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Most coin collectors know how a coin is physically struck, but what happens before the United States Mint begins production? This article will walk you through how the United States Mint generates exciting coin series after exciting coin series from conception to production!
To begin, any United States Mint coin or medal needs to be authorized by Congress. Typically, we celebrate people, organizations, momentous events, and other worthy subjects on coinage. The idea can come from anywhere, but Congress generally needs to authorize the coin to get the ball rolling. Beyond just the concept or subject matter of the coinage, this authorization could include imagery and inscriptions to be included in the design. Under certain circumstances, the Secretary of the Treasury can authorize coins himself.
After the coin is authorized, the elements required in the design need to be defined. For example, many United States Mint issues will include the inscriptions "In God We Trust" or "E Pluribus Unum," among others. Most U.S. coinage in denominations more significant than the dime will feature an eagle on the reverse. Notably, many commemoratives do not have this requirement.
After the Mint has outlined the elements of the design, the design process begins. Designs are typically sourced through the Mint staff, through the Artistic Infusion Program (AIP) or public competition. The AIP is a program through the Mint that allows established artists to submit their work for consideration. It was developed to invigorate the design process and potentially include innovative or non-standard designs. Another way to add "fresh" design ideas is through a public design competition. The famous 2014 Baseball Hall of Fame commemorative obverse and the circulating Bicentennial quarter reverse are examples of open design competition winners.
The United States Mint's coin design process starts in earnest with drawings. These drawings are typically submitted to the Mint for review to ensure that the design elements included are all there and that they satisfy legal, copyright, and subject-matter requirements. During this review, a refinement process occurs explicitly concerned about how the design will hold-up in the striking process. Elements are adjusted and explicitly resized concerning how the coin will look after it is struck. The actual striking of design famously became an issue with the Saint-Gaudens $20 gold coin as it couldn't easily be struck in high relief as intended. Once the subject matter experts and the Mint have had some inputs on the designs, they are submitted for review.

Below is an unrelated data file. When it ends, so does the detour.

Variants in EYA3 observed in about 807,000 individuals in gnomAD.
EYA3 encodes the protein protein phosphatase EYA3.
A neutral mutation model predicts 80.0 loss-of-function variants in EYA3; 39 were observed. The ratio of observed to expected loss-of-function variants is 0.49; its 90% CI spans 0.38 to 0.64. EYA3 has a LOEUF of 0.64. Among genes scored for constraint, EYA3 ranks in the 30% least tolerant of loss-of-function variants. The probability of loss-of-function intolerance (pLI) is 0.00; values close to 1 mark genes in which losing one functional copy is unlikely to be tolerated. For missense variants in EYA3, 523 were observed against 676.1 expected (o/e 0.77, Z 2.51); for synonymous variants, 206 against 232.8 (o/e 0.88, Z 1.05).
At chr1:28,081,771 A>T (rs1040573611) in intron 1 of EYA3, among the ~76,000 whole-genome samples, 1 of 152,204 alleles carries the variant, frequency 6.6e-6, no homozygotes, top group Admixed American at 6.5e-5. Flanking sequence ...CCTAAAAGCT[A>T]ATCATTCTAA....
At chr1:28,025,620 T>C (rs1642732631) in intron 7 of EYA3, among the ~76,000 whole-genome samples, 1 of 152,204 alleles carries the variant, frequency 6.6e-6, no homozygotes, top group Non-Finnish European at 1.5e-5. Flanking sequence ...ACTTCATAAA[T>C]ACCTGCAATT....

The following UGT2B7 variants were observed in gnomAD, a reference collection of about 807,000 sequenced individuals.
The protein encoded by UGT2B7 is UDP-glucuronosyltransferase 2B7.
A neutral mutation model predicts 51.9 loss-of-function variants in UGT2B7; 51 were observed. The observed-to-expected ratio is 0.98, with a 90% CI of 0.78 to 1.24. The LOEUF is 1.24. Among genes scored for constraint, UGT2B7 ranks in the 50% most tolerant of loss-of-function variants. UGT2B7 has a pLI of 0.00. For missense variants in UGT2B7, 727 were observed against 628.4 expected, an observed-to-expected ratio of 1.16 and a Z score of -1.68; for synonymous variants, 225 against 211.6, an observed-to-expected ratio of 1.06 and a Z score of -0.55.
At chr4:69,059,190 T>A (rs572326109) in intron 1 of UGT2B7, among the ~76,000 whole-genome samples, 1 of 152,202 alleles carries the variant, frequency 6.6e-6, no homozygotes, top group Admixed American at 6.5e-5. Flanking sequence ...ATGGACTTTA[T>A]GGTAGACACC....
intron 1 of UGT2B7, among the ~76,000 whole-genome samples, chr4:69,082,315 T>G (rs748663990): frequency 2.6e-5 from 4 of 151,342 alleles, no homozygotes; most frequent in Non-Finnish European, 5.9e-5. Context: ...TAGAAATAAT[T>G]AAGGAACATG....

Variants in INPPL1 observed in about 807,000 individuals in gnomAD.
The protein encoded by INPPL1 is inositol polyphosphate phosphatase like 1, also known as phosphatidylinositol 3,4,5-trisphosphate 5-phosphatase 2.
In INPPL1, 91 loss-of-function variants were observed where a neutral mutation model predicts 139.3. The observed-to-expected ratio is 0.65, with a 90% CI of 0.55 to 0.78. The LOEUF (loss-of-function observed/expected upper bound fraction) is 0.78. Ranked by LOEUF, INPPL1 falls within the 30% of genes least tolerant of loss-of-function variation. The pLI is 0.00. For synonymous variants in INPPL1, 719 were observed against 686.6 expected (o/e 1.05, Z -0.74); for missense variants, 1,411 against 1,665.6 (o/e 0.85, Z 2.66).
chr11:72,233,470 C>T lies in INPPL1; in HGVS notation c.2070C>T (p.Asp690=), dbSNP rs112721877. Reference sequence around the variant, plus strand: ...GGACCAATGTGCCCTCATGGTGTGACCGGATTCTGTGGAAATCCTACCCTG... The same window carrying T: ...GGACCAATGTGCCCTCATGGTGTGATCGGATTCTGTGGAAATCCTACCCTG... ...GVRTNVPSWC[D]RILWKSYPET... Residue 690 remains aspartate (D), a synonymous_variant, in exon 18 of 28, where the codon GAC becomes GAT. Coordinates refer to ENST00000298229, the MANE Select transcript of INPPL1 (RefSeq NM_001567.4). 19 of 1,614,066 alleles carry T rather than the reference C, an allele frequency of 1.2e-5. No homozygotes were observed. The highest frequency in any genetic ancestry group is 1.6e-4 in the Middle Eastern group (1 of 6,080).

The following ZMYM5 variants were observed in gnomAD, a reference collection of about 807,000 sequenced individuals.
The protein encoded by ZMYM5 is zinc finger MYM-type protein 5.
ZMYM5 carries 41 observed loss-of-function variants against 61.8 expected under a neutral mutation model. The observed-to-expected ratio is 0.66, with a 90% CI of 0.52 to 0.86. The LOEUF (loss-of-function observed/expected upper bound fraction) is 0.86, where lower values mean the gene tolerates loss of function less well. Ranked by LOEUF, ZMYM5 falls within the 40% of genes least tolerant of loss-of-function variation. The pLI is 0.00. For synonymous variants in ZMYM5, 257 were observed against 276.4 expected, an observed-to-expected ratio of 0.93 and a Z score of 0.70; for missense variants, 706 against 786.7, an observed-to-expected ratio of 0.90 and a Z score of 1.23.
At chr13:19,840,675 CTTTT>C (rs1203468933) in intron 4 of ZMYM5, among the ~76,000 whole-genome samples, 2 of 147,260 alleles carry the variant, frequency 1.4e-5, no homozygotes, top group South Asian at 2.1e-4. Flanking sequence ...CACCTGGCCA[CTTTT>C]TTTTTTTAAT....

The Citizens Coinage Advisory Committee (CCAC) and the Commission of Fine Arts (CFA) are tasked with reviewing the designs. The CCAC has members with backgrounds in history as well as the coin and medallic arts. The committee also includes several public members, many of whom have a lifelong passion for coin collecting. The CFA is a committee of experts in the field of fine arts. The commission's job is to give feedback to the various U.S. Government offices and entities on all matters about the arts, aesthetics, and design, including coin and medals, memorials, architecture, and other artistic concerns.
Thirty-nine different reverse plans were submitted to the CCAC for consideration for the new American Silver Eagle and American Gold Eagle 2021 reverses. Out of these submissions, each of the committees provides feedback about the designs before making recommendations to the Secretary of the Treasury, who then chooses the final design.
Once the design selection is completed, the United States Mint begins its final preparations. The sculptors and engravers at the Mint will then prepare a larger sculpture of the coin. This sculpture is then reduced, and the image is transferred to master hubs and dies. These are then used to produce working hubs and, ultimately, the dies used to strike the coin. Early in the die preparation process, before most of the working dies are created, some test strikes do occur to ensure there are no manufacturing processes and final product problems.